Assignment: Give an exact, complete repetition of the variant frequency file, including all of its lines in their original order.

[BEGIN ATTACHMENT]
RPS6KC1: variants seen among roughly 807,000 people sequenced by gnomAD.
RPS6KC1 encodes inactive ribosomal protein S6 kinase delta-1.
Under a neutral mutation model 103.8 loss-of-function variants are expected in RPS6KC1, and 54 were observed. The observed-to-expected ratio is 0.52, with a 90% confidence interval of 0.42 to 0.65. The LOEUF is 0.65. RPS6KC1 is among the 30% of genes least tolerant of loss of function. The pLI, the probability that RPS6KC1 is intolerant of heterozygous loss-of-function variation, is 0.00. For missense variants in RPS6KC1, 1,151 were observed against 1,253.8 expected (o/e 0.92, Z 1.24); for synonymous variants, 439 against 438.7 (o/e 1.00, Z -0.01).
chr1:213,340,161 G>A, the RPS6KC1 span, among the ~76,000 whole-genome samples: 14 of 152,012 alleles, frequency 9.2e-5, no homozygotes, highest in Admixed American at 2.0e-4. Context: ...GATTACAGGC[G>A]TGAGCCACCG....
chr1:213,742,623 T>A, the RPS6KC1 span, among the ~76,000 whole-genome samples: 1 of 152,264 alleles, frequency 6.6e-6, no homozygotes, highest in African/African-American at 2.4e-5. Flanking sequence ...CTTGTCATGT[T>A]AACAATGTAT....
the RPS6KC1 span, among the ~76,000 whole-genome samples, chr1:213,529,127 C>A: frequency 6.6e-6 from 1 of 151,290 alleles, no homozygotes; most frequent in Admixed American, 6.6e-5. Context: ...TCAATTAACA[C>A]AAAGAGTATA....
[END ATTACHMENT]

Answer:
RPS6KC1: variants seen among roughly 807,000 people sequenced by gnomAD.
RPS6KC1 encodes inactive ribosomal protein S6 kinase delta-1.
Under a neutral mutation model 103.8 loss-of-function variants are expected in RPS6KC1, and 54 were observed. The observed-to-expected ratio is 0.52, with a 90% confidence interval of 0.42 to 0.65. The LOEUF is 0.65. RPS6KC1 is among the 30% of genes least tolerant of loss of function. The pLI, the probability that RPS6KC1 is intolerant of heterozygous loss-of-function variation, is 0.00. For missense variants in RPS6KC1, 1,151 were observed against 1,253.8 expected (o/e 0.92, Z 1.24); for synonymous variants, 439 against 438.7 (o/e 1.00, Z -0.01).
chr1:213,340,161 G>A, the RPS6KC1 span, among the ~76,000 whole-genome samples: 14 of 152,012 alleles, frequency 9.2e-5, no homozygotes, highest in Admixed American at 2.0e-4. Context: ...GATTACAGGC[G>A]TGAGCCACCG....
chr1:213,742,623 T>A, the RPS6KC1 span, among the ~76,000 whole-genome samples: 1 of 152,264 alleles, frequency 6.6e-6, no homozygotes, highest in African/African-American at 2.4e-5. Flanking sequence ...CTTGTCATGT[T>A]AACAATGTAT....
the RPS6KC1 span, among the ~76,000 whole-genome samples, chr1:213,529,127 C>A: frequency 6.6e-6 from 1 of 151,290 alleles, no homozygotes; most frequent in Admixed American, 6.6e-5. Context: ...TCAATTAACA[C>A]AAAGAGTATA....